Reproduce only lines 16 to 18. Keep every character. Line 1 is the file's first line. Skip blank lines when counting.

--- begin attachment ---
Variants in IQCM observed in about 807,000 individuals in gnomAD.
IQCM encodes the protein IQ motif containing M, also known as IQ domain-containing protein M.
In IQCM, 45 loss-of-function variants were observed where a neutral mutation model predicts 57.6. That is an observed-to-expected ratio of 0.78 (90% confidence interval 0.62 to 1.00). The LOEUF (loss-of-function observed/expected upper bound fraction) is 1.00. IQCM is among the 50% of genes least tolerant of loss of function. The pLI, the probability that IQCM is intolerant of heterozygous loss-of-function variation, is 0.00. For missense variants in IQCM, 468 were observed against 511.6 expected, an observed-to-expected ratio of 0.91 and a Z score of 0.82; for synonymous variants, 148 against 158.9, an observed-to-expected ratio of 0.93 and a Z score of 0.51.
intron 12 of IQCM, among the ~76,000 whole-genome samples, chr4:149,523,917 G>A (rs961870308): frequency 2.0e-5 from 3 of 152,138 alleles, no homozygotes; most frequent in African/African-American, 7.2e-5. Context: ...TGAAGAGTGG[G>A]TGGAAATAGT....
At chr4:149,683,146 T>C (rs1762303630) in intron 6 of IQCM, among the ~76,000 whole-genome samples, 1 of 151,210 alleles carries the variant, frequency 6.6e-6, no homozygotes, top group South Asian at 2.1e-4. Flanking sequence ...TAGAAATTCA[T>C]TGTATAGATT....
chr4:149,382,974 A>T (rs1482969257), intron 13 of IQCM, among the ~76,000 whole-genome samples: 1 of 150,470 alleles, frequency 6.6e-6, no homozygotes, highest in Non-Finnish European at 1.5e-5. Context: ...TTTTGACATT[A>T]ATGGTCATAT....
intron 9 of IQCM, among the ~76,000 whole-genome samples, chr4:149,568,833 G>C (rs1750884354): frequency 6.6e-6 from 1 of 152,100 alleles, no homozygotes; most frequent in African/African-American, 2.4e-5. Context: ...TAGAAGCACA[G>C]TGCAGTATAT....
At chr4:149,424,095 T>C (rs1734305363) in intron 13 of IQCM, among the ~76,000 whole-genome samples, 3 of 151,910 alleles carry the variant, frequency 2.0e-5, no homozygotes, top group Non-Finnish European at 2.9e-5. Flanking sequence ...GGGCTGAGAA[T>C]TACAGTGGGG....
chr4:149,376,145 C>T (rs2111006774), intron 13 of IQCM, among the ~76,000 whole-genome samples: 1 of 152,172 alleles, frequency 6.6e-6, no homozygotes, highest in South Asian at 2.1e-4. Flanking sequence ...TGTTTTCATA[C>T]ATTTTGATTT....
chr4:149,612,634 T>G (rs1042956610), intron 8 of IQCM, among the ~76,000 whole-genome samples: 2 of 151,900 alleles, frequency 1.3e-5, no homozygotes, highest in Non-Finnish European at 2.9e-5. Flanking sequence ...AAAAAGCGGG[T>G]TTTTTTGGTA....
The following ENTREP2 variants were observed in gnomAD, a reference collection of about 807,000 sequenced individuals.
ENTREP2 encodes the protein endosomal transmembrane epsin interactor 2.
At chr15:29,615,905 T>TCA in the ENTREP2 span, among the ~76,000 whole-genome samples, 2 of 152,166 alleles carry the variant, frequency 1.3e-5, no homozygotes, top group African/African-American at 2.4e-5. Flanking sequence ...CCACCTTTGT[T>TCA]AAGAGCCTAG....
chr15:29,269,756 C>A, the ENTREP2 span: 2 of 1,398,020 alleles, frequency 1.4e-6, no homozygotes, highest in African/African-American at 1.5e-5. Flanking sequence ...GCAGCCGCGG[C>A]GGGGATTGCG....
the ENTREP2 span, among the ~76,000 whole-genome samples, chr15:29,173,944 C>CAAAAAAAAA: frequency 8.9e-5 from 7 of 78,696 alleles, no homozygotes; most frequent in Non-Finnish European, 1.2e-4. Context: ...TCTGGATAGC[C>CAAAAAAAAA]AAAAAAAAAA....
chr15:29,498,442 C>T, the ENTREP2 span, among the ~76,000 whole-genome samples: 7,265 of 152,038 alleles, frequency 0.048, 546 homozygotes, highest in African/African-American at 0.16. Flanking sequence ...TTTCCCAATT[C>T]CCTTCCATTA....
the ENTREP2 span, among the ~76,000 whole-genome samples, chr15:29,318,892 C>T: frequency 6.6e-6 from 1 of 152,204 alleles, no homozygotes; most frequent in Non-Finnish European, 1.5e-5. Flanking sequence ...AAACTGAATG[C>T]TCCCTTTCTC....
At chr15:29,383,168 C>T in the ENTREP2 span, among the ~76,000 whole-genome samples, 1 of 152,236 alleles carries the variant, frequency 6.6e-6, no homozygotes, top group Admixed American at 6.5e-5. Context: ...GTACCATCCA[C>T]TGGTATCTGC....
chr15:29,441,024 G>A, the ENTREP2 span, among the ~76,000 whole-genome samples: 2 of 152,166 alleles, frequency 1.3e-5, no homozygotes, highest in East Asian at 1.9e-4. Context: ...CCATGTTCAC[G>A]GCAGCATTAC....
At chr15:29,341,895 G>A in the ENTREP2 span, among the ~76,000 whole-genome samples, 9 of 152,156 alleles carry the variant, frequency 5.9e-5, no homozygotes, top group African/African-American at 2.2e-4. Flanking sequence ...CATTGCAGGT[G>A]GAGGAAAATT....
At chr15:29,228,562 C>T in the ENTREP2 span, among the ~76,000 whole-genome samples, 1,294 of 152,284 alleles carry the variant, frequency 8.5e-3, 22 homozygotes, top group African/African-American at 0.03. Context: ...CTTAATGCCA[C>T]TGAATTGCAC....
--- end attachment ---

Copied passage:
chr15:29,498,442 C>T, the ENTREP2 span, among the ~76,000 whole-genome samples: 7,265 of 152,038 alleles, frequency 0.048, 546 homozygotes, highest in African/African-American at 0.16. Flanking sequence ...TTTCCCAATT[C>T]CCTTCCATTA....
the ENTREP2 span, among the ~76,000 whole-genome samples, chr15:29,318,892 C>T: frequency 6.6e-6 from 1 of 152,204 alleles, no homozygotes; most frequent in Non-Finnish European, 1.5e-5. Flanking sequence ...AAACTGAATG[C>T]TCCCTTTCTC....
At chr15:29,383,168 C>T in the ENTREP2 span, among the ~76,000 whole-genome samples, 1 of 152,236 alleles carries the variant, frequency 6.6e-6, no homozygotes, top group Admixed American at 6.5e-5. Context: ...GTACCATCCA[C>T]TGGTATCTGC....